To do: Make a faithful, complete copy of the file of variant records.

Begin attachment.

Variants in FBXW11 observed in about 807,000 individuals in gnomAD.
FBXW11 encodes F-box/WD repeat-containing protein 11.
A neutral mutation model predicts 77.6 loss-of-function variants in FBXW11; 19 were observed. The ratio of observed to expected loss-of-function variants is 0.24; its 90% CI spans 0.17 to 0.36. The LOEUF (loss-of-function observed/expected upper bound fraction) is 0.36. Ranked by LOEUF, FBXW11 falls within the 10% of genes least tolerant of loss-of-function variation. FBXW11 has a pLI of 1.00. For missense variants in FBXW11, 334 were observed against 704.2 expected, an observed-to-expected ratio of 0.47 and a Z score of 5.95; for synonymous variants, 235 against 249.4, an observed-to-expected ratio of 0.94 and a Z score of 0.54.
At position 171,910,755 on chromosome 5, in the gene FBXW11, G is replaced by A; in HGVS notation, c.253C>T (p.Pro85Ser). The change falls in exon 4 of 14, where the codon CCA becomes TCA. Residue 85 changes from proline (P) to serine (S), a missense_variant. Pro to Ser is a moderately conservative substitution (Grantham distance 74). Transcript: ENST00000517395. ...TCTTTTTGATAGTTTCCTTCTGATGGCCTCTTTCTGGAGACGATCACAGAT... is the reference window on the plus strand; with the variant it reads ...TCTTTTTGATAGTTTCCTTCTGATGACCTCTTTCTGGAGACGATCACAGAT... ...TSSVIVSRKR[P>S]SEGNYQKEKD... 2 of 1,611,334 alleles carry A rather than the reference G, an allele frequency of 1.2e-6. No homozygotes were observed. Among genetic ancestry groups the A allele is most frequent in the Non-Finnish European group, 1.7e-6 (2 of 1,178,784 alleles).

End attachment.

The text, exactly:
Variants in FBXW11 observed in about 807,000 individuals in gnomAD.
FBXW11 encodes F-box/WD repeat-containing protein 11.
A neutral mutation model predicts 77.6 loss-of-function variants in FBXW11; 19 were observed. The ratio of observed to expected loss-of-function variants is 0.24; its 90% CI spans 0.17 to 0.36. The LOEUF (loss-of-function observed/expected upper bound fraction) is 0.36. Ranked by LOEUF, FBXW11 falls within the 10% of genes least tolerant of loss-of-function variation. FBXW11 has a pLI of 1.00. For missense variants in FBXW11, 334 were observed against 704.2 expected, an observed-to-expected ratio of 0.47 and a Z score of 5.95; for synonymous variants, 235 against 249.4, an observed-to-expected ratio of 0.94 and a Z score of 0.54.
At position 171,910,755 on chromosome 5, in the gene FBXW11, G is replaced by A; in HGVS notation, c.253C>T (p.Pro85Ser). The change falls in exon 4 of 14, where the codon CCA becomes TCA. Residue 85 changes from proline (P) to serine (S), a missense_variant. Pro to Ser is a moderately conservative substitution (Grantham distance 74). Transcript: ENST00000517395. ...TCTTTTTGATAGTTTCCTTCTGATGGCCTCTTTCTGGAGACGATCACAGAT... is the reference window on the plus strand; with the variant it reads ...TCTTTTTGATAGTTTCCTTCTGATGACCTCTTTCTGGAGACGATCACAGAT... ...TSSVIVSRKR[P>S]SEGNYQKEKD... 2 of 1,611,334 alleles carry A rather than the reference G, an allele frequency of 1.2e-6. No homozygotes were observed. Among genetic ancestry groups the A allele is most frequent in the Non-Finnish European group, 1.7e-6 (2 of 1,178,784 alleles).